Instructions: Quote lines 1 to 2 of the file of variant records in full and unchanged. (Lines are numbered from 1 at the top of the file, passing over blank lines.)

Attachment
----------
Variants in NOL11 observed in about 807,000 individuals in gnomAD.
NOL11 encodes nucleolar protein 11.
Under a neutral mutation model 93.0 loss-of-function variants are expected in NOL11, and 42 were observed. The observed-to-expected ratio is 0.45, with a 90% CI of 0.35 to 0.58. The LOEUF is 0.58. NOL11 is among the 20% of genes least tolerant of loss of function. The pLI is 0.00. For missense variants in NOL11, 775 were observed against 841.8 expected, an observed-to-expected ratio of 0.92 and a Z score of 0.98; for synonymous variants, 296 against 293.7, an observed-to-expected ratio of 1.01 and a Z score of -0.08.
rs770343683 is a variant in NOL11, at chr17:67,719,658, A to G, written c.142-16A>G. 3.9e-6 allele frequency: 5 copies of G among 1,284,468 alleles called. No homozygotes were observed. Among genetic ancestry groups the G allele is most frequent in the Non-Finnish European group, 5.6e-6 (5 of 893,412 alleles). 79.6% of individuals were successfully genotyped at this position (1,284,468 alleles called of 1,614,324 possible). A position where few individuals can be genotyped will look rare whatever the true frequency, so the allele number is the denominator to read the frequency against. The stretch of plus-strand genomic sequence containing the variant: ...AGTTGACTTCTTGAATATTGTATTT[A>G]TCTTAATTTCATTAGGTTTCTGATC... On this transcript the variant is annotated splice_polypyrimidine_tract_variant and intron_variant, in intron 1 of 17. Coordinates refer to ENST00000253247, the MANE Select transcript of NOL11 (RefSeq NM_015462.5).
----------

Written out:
Variants in NOL11 observed in about 807,000 individuals in gnomAD.
NOL11 encodes nucleolar protein 11.